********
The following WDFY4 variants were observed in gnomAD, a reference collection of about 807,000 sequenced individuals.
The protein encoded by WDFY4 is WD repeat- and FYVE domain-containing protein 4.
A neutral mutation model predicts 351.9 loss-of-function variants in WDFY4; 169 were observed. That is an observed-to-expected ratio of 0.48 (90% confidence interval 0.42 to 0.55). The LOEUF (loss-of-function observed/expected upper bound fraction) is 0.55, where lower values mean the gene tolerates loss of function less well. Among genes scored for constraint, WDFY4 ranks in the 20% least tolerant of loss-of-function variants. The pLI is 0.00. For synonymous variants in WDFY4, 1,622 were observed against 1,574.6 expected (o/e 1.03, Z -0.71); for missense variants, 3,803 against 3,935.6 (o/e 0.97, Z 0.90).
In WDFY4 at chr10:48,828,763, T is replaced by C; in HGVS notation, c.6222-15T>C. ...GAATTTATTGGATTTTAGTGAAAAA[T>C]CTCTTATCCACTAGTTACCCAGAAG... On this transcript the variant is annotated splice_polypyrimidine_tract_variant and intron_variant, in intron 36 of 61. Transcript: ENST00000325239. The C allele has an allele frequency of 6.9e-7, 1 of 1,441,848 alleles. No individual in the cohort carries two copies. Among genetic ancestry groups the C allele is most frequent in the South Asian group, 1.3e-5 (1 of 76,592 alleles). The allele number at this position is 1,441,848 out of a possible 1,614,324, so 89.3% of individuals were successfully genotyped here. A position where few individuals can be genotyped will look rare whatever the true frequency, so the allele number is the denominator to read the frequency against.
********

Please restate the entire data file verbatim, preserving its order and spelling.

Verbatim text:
The following WDFY4 variants were observed in gnomAD, a reference collection of about 807,000 sequenced individuals.
The protein encoded by WDFY4 is WD repeat- and FYVE domain-containing protein 4.
A neutral mutation model predicts 351.9 loss-of-function variants in WDFY4; 169 were observed. That is an observed-to-expected ratio of 0.48 (90% confidence interval 0.42 to 0.55). The LOEUF (loss-of-function observed/expected upper bound fraction) is 0.55, where lower values mean the gene tolerates loss of function less well. Among genes scored for constraint, WDFY4 ranks in the 20% least tolerant of loss-of-function variants. The pLI is 0.00. For synonymous variants in WDFY4, 1,622 were observed against 1,574.6 expected (o/e 1.03, Z -0.71); for missense variants, 3,803 against 3,935.6 (o/e 0.97, Z 0.90).
In WDFY4 at chr10:48,828,763, T is replaced by C; in HGVS notation, c.6222-15T>C. ...GAATTTATTGGATTTTAGTGAAAAA[T>C]CTCTTATCCACTAGTTACCCAGAAG... On this transcript the variant is annotated splice_polypyrimidine_tract_variant and intron_variant, in intron 36 of 61. Transcript: ENST00000325239. The C allele has an allele frequency of 6.9e-7, 1 of 1,441,848 alleles. No individual in the cohort carries two copies. Among genetic ancestry groups the C allele is most frequent in the South Asian group, 1.3e-5 (1 of 76,592 alleles). The allele number at this position is 1,441,848 out of a possible 1,614,324, so 89.3% of individuals were successfully genotyped here. A position where few individuals can be genotyped will look rare whatever the true frequency, so the allele number is the denominator to read the frequency against.